Channelling CSR into Research

Channelling CSR into Research
October 2021 Vanessa Attard

To counter the COVID-19 pandemic, businesses worldwide continue to drive their corporate social responsibility initiatives towards supporting their community through the crisis. But, excitingly, corporate investment into fundamental research could now take that concept even further. Laura BonnicI finds out more.

In just over a year, the COVID-19 pandemic has impacted almost every human on the planet. Businesses of all sizes and industries have struggled, while the world watched with renewed interest as scientific innovations progressed in a bid to fight and contain the virus.

Never has there been such a strong connection between the survival of the business world and the advancement of science – so much so, that many global enterprises now regard supporting research as a key part of their corporate social responsibility (CSR).

Indeed, the COVID-19 crisis has elevated an organisation’s philanthropic spirit – which is normally realised through its day-to-day CSR initiatives – from simply feel-good to essential for survival. With the arrival of the pandemic, the world’s businesses urgently channelled their CSR into pivoting their internal operations to ensure the safety, health and wellbeing of their respective teams. Then, they turned their attention – and their CSR focus – outwards to reassure and brace the wider community through the challenging times while pioneering the business forward. And, for many, this has meant accelerating research.

The University of Malta’s Research Innovation and Development Trust (RIDT), which relies on donations to support research in all areas of study at the University, has likewise felt the effects of the pandemic.

Yet, the continued progress of several potentially life-changing projects in Malta has been assured through local organisations that chose to back RIDT using funds raised via their CSR programmes.

Evolve Ltd is one such organisation. “Evolve has recently signed an agreement with the RIDT to support the Electromagnetic Research Group within the University of Malta for three years. The research group has an interdisciplinary profile, with more than 20 members internationally esteemed in their field. This is a perfect example of CSR in practice, where a private company is investing in the research potential of a group of academics and research students,” explains RIDT CEO Wilfred Kenely. “Evolve is also supporting Maltese space exploration through the University’s ‘Project Maleth’, which is to be sent to the International Space Station.” The innovative mission experiment will use the unique access to the space environment, microgravity and high radiation to study biological experiments and answer fundamental biomedical science questions – all of which could help solve real world clinical problems.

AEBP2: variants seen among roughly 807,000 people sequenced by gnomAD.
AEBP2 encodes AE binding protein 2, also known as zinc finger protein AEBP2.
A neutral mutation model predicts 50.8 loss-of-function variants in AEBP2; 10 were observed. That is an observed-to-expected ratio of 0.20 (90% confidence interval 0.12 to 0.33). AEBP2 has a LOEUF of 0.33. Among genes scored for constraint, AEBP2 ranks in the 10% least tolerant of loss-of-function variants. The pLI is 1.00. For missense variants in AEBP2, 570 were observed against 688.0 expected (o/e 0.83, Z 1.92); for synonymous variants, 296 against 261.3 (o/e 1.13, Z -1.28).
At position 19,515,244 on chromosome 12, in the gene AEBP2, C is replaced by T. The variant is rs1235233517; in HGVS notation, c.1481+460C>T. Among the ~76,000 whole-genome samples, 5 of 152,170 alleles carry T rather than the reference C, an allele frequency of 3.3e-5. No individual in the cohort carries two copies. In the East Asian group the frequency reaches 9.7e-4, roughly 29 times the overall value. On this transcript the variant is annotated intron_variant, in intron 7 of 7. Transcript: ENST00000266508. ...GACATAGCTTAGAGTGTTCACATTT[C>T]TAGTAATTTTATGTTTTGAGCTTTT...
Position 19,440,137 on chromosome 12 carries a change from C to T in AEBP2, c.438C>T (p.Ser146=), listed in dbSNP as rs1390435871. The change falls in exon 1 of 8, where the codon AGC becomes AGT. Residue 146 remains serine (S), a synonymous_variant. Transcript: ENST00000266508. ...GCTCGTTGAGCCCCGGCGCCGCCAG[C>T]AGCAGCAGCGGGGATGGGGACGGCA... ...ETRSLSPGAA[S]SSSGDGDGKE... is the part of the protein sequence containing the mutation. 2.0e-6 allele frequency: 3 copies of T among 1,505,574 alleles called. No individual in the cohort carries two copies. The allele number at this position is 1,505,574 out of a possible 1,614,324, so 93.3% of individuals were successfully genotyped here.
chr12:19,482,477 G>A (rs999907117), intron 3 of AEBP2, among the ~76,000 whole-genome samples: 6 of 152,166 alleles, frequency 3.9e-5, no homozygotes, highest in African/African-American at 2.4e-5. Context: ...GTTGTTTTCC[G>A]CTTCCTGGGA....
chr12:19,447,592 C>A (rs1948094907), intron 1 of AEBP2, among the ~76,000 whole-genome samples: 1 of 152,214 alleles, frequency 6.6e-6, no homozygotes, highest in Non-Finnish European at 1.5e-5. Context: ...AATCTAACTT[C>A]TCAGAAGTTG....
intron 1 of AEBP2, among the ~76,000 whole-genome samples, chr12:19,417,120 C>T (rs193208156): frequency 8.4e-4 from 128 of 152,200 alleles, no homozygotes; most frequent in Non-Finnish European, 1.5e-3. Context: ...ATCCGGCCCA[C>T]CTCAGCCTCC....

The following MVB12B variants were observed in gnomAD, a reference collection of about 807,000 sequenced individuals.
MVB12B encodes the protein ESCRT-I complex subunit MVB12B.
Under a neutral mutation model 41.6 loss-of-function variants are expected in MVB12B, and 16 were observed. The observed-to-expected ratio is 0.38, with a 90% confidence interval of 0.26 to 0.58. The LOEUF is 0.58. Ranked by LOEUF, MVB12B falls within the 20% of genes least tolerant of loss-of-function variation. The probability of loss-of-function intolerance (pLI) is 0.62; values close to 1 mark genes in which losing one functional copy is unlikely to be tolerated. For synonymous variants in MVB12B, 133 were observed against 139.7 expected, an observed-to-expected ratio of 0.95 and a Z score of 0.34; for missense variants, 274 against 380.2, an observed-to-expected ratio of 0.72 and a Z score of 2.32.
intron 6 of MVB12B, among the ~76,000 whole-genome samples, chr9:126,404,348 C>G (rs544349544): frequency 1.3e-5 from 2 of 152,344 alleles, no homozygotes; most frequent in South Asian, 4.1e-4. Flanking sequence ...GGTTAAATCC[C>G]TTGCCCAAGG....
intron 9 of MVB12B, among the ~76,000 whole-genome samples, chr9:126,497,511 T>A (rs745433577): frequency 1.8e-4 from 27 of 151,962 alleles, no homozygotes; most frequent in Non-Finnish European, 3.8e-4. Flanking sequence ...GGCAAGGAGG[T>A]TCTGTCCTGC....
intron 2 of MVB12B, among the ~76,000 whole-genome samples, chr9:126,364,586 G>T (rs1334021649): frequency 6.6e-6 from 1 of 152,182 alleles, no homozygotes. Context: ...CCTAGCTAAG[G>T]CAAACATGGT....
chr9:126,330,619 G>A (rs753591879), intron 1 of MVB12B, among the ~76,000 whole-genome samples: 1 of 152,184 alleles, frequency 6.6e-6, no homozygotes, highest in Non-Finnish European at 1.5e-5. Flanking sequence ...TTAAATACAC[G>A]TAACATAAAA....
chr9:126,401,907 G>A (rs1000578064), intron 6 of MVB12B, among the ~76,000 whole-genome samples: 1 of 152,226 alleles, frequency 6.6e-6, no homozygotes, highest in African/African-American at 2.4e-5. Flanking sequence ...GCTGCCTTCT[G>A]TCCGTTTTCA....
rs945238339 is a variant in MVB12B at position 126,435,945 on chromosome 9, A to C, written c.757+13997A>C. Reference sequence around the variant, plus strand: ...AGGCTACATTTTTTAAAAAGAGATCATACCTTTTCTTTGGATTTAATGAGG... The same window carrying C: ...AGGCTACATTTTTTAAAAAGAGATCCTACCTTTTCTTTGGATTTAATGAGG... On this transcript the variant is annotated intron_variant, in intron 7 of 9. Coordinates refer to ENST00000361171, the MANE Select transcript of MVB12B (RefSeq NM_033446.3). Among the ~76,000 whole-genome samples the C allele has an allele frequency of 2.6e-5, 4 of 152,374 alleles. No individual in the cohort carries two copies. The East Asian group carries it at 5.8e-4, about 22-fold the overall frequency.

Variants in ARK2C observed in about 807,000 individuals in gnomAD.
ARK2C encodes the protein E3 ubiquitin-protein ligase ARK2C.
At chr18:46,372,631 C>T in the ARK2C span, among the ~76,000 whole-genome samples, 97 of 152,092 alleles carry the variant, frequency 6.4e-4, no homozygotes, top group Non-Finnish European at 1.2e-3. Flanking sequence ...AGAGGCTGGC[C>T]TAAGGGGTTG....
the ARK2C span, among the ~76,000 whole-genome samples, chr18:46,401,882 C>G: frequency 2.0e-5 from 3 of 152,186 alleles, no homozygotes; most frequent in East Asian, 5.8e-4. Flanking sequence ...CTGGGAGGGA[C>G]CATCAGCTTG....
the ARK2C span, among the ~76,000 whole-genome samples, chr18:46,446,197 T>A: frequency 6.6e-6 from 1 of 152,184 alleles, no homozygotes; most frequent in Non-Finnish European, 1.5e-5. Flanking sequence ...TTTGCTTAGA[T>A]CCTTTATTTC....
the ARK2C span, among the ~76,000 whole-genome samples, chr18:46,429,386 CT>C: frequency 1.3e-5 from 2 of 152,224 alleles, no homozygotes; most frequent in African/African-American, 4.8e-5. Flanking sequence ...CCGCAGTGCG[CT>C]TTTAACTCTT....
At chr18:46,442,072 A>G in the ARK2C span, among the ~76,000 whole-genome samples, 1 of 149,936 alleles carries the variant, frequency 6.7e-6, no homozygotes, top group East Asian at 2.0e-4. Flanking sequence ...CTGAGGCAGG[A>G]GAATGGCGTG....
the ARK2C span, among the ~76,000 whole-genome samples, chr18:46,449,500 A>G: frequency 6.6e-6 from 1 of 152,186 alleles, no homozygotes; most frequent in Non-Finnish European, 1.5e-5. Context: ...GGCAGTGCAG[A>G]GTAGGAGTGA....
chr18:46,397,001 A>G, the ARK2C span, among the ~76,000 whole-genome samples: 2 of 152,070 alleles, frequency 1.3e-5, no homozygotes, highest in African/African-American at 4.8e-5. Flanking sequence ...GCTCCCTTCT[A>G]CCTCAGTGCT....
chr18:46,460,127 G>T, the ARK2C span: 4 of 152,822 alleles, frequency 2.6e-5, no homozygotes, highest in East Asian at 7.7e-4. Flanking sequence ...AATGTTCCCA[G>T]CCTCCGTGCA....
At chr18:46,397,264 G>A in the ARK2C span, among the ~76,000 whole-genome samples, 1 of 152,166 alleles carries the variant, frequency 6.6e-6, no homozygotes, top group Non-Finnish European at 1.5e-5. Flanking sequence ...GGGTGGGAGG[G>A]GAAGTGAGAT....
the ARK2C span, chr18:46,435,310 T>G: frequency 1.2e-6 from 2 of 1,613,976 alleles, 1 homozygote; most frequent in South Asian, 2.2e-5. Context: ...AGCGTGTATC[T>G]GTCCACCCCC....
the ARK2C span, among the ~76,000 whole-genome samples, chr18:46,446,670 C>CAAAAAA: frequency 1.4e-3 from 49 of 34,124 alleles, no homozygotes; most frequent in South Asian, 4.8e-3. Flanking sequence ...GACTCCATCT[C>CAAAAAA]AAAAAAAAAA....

Meanwhile, it is not only medical research that is advanced through CSR funds donated to RIDT: the Gasan Foundation is one of three donors to have ensured the preservation and conservation of an important part of Malta’s history. The Matteo Pérez D’Aleccio wall paintings at the Grandmasters’ Palace in Valletta depict in detail the events of the famed Great Siege of Malta of 1565, making them a vital historical artifact. An ongoing project is conserving these paintings with the help of €75,000 from the Gasan Foundation, €75,000 from the Planning Authority, and a further contribution from the Melita Foundation.

“Our ‘Superhero’ campaign also raised crucial funds in aid of children’s medical research,” highlights Mr Kenely. The campaign encouraged customers at stores such as leading garden centre Piscopo Gardens and Pet Shop to add €1 or €2 to their bill at checkout – funds that collectively support fundamental research related to medical conditions affecting children. “The initiative aimed to bring people together, knowing their small contribution could radically affect the bigger picture for these children.”

Some organisations have even opted to formalise their CSR efforts by creating a foundation, such as The Alfred Mizzi Foundation. Following multiple major donations in recent years, the Foundation’s latest contribution of €150,000 supports ongoing research into brain diseases, such as stroke, at the University of Malta. The cutting edge project explores mild sensory stimulation as a non-invasive, drug-free, equipment-free, and side effect-free means of treating stroke – a debilitating condition that has devastating effects on around 400 people a year in Malta alone. With the funds received through the generosity of the Alfred Mizzi Foundation via RIDT, the project can continue to achieve significant breakthroughs that could impact people’s lives across the globe.

Finally, other organisations have launched fund matching CSR initiatives. In fact, to help balance the reduced public funds received by RIDT throughout the pandemic, the University of Malta has ringfenced a portion of its research budget to match – and effectively double – the amounts donated to RIDT from corporate ventures. For the duration of the campaign, any donated funds from any company across Malta will be matched by the University, giving sponsors the opportunity to create more impact with their donation and benefit from a tax incentive whereby they may deduct the donated amount from their taxable income.

So, by simply channelling its CSR efforts into research, an organisation can make a huge impact in the community and support life-saving and innovative projects. All this while helping to create a post pandemic world that has a social responsibility as its beating heart.

For more information or to make a donation to the RIDT, kindly visit or the RIDT-University of Malta Research Trust Facebook page, or send an email on